The Protocol on Older Persons requires state parties, among other things, to provide access to healthcare for older persons that meet their specific needs, and that older persons be given preferential treatment in service delivery.

It also requires that residential care facilities provide a level of care that complies with international standards.

Significantly, the Protocol also dictates that governments take action to eliminate stereotypes and combat discrimination against older persons.

Consequently, if the government of Sierra  Leone cares about protecting and promoting the rights of older persons, it needs to then take the requisite steps to ensure that their rights are adequately provided for and protected at all cost.

With the passing of a law that protects older persons in the country,  government’s commitment to older people’s welfare will be made mandatory and any omissions therefore can be actionable in the courts of law.

The Protocol to the African Charter on the rights of older persons in Africa was adopted in 2016 and requires at least 15 states to ratify it before it can come into force.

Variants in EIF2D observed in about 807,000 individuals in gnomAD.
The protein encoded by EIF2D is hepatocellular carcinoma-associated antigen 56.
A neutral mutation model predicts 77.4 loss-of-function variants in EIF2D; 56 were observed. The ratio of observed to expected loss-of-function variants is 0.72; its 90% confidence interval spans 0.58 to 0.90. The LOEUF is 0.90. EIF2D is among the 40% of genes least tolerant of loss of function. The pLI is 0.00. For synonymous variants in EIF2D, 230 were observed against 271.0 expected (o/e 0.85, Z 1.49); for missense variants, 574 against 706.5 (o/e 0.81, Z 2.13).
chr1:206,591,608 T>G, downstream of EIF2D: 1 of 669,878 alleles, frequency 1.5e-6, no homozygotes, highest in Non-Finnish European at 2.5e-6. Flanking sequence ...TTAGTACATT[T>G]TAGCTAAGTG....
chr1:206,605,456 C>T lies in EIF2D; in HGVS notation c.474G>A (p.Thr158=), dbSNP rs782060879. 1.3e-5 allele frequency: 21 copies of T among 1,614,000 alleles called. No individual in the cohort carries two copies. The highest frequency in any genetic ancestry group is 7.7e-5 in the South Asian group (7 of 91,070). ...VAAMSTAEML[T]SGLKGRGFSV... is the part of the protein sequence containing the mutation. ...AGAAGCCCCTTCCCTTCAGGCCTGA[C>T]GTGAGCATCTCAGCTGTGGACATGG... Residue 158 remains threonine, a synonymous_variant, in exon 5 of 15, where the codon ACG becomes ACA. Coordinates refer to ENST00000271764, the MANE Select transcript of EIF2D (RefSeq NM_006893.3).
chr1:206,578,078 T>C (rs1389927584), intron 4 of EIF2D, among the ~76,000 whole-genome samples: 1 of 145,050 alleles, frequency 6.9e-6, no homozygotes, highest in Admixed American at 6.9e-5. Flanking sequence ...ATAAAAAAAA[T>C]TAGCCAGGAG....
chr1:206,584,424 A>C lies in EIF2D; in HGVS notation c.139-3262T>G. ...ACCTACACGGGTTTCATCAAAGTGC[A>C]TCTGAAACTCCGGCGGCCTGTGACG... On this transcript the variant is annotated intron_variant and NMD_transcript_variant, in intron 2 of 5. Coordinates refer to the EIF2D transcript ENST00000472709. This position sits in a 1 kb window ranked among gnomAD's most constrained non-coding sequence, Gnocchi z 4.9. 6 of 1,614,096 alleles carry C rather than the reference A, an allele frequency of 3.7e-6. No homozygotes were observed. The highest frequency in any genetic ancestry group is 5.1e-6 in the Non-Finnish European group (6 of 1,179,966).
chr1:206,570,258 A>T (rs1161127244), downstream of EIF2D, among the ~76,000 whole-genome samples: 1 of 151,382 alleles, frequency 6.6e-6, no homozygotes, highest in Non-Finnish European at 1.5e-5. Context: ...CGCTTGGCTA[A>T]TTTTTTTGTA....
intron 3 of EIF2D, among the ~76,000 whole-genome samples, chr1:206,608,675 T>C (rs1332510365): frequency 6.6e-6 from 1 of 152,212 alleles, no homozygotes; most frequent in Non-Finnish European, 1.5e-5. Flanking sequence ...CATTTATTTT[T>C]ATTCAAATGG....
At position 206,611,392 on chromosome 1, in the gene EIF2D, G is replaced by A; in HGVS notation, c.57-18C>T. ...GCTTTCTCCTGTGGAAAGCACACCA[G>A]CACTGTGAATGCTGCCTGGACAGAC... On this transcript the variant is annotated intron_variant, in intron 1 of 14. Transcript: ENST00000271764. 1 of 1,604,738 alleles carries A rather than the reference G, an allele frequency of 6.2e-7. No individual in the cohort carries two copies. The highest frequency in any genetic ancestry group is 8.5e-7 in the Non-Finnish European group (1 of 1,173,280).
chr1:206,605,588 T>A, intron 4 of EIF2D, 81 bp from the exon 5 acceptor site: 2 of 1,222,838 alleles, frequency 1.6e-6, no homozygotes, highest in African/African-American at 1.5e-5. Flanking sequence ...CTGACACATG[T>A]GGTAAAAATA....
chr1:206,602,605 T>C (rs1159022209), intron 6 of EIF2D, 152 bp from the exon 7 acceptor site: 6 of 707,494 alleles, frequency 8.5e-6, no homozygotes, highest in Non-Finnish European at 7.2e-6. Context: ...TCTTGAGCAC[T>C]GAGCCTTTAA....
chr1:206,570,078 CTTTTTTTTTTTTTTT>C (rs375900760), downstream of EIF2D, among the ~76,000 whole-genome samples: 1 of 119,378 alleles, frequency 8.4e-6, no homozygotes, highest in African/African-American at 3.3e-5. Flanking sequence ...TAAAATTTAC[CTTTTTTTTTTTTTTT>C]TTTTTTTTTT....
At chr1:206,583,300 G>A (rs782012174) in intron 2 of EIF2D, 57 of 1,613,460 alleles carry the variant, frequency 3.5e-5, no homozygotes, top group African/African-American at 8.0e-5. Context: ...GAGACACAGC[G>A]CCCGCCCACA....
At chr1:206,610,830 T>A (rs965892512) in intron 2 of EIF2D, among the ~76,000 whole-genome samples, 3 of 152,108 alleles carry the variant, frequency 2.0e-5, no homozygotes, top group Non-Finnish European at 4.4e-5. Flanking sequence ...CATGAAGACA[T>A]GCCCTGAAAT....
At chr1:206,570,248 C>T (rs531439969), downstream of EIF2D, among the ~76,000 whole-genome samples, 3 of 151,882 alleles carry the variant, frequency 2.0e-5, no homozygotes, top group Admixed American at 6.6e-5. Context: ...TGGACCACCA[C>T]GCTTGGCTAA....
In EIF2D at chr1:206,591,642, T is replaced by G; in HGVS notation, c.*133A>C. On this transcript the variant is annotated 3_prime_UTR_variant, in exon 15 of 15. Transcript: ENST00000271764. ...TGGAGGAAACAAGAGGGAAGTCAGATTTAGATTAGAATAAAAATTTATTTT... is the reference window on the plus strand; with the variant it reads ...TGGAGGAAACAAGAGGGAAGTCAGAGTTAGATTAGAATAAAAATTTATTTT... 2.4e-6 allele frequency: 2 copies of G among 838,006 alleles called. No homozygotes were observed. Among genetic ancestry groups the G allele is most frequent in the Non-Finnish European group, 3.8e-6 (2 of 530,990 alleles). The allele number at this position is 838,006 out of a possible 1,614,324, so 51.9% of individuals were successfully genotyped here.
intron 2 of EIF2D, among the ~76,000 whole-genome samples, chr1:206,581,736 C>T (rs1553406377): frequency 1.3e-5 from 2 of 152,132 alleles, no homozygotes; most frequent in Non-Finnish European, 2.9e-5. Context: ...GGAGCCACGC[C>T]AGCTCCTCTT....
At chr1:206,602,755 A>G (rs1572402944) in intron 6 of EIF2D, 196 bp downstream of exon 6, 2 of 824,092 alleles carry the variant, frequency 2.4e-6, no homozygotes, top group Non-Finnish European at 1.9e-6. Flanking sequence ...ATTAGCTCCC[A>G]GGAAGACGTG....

So far, no state has ratified this protocol. What a shame indeed. We hope that by this call from LEGAL  LINK,  Sierra Leone will rise up to the occasion and make a difference.

1 Comment

  1. The aged in western civilisations emcompasses people aged 75 years and upwards. Whilst middle aged are from 55 years to 74 years. Now in African modern civilisations, what age group is classified as aged? It is truth the aged in Africa are highly respected until ill health and dementia set in. I feel they do not get the help they need mainly due to ignorance from their caregivers.

    Many older people suffer if there is no one to provide for them. Because even with a pension, it is difficult to survive. And there are many who have never worked and so never get a pension. Unlike western countries there is no financial security safety net to help with health and general well being of the aged. I do hope ratification happens soon and implemented on the African continent.